November 26, 2015
The Philadelphia Eagles clearly hit rock bottom on Sunday with their 45-17 loss to the Tampa Bay Bucs, right? Wrong.
It got worse on Thanksgiving against the Detroit Lions, as the Eagles lost their third straight game, this time a 45-14 defeat in which Chip Kelly's team never really competed. In the loss, the Birds became the second team since the 1970 NFL merger to allow five passing touchdowns in consecutive games.
Furthermore, those three losses all came against teams that were in last place in their respective divisions prior to facing the Eagles. And suddenly, a team that was guaranteeing a trip to the Super Bowl before the season began has become a laughingstock.
Troy Aikman after Agholor took of helmet: "I'm not sure why you'd want to show your face on TV anyway if you're wearing an Eagles uniform."— Manny Navarro (@Manny_Navarro) November 26, 2015
How they Eagles have gotten to this point is somewhat of a mystery -- there are so many reasons that it's hard to tell which is most responsible -- but if you're looking for a place to begin, you need to head back to the offseason, specifically the week after the Eagles 2014 season came to an end. That's when Chip Kelly was given full control of the personnel. In the 11 months since, Kelly's made more than a few questionable moves.
But for all intents and purposes, this Eagles season is over; living in the past is not going to change that. Instead, let's take a look ahead and see what the organization can do to get back on the right track.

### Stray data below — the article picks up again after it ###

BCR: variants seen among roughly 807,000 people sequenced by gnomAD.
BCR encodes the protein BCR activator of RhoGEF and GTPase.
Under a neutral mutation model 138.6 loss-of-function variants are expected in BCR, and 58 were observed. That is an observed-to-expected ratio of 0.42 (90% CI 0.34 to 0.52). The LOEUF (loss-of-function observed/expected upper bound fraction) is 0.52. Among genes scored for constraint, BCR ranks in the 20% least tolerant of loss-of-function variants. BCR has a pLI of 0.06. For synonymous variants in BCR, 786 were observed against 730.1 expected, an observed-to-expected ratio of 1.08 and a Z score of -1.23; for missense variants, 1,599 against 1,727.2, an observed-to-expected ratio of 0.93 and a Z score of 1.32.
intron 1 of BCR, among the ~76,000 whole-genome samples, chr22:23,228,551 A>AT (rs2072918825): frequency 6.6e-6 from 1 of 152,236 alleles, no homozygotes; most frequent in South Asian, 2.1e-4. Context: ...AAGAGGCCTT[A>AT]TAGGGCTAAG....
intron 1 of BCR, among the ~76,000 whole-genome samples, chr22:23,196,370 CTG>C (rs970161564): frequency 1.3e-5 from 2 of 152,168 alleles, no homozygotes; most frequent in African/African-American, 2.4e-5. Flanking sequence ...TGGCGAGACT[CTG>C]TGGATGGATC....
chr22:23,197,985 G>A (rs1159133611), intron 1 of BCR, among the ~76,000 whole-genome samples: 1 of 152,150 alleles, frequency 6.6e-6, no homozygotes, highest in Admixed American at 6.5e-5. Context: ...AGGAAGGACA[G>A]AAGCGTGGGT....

Sorry, Chip. You can't blame Howie Roseman for this one.
Stripping Kelly of his general manager powers would be the first, most logical move. Since his arrival following Andy Reid's ouster, Kelly's Eagles have gotten worse and worse as the former Oregon Ducks coach has injected more and more of "his" players onto the roster. And since Kelly supplanted Roseman as GM, it's only gotten worse.
For context, here are some of the moves that have backfired for Kelly since he took full control:
• Trading LeSean McCoy for Kiko Alonso -- McCoy has been solid for the Bills, while Alonso hasn't done anything since picking off Matt Ryan in the opener.
• Signing DeMarco Murray to a big-money deal -- After dealing McCoy, the Eagles needed to sign somebody to carry the ball for them, and they landed on former Cowboy DeMarco Murray. He was touted as a north-south back that ran straight ahead rather than side-to-side like McCoy. So why has it felt like Murray has spent more time running parallel to the line of scrimmage than plowing forward?
• Signing Byron Maxwell to a $60 million deal -- The Eagles certainly needed to upgrade their secondary, and Maxwell hasn't been as bad as Bradley Fletcher, but he certainly isn't worth all that cash. Just look at what Nolan Carroll, whose season is likely over after breaking his ankle Thursday, and Walter Thurmond have been able to do while making much less money.
• Trading Nick Foles (and a second-round pick!) for Sam Bradford -- It's safe to say that Bradford hasn't been the guy Kelly has hoped he would be when he traded for him. And yes, the team surrounding Bradford, especially the offensive line, is much more suspect than what Foles had in his time under Kelly. Still, Kelly is 14-4 with Foles as his QB and 10-15 with everyone else.
• Letting Todd Herremans walk and cutting Evan Mathis -- Both these guys were getting up there in age, but to let them go without having anyone ready to take their place is just foolish, especially when you have an aging left tackle in Jason Peters.